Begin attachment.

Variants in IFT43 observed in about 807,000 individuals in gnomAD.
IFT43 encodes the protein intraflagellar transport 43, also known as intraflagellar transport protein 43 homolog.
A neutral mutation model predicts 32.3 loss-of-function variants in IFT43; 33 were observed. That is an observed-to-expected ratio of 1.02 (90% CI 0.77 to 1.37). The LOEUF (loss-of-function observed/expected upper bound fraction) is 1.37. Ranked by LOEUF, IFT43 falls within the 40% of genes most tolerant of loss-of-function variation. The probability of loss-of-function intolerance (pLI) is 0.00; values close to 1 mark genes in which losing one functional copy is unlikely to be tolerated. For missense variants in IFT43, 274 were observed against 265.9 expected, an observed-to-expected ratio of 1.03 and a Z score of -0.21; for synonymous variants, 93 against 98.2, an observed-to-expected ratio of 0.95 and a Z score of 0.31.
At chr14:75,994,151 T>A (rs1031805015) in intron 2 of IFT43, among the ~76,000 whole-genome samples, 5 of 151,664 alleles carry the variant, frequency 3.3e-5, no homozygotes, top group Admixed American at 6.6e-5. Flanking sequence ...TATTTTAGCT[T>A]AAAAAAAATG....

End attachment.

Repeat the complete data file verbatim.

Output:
Variants in IFT43 observed in about 807,000 individuals in gnomAD.
IFT43 encodes the protein intraflagellar transport 43, also known as intraflagellar transport protein 43 homolog.
A neutral mutation model predicts 32.3 loss-of-function variants in IFT43; 33 were observed. That is an observed-to-expected ratio of 1.02 (90% CI 0.77 to 1.37). The LOEUF (loss-of-function observed/expected upper bound fraction) is 1.37. Ranked by LOEUF, IFT43 falls within the 40% of genes most tolerant of loss-of-function variation. The probability of loss-of-function intolerance (pLI) is 0.00; values close to 1 mark genes in which losing one functional copy is unlikely to be tolerated. For missense variants in IFT43, 274 were observed against 265.9 expected, an observed-to-expected ratio of 1.03 and a Z score of -0.21; for synonymous variants, 93 against 98.2, an observed-to-expected ratio of 0.95 and a Z score of 0.31.
At chr14:75,994,151 T>A (rs1031805015) in intron 2 of IFT43, among the ~76,000 whole-genome samples, 5 of 151,664 alleles carry the variant, frequency 3.3e-5, no homozygotes, top group Admixed American at 6.6e-5. Flanking sequence ...TATTTTAGCT[T>A]AAAAAAAATG....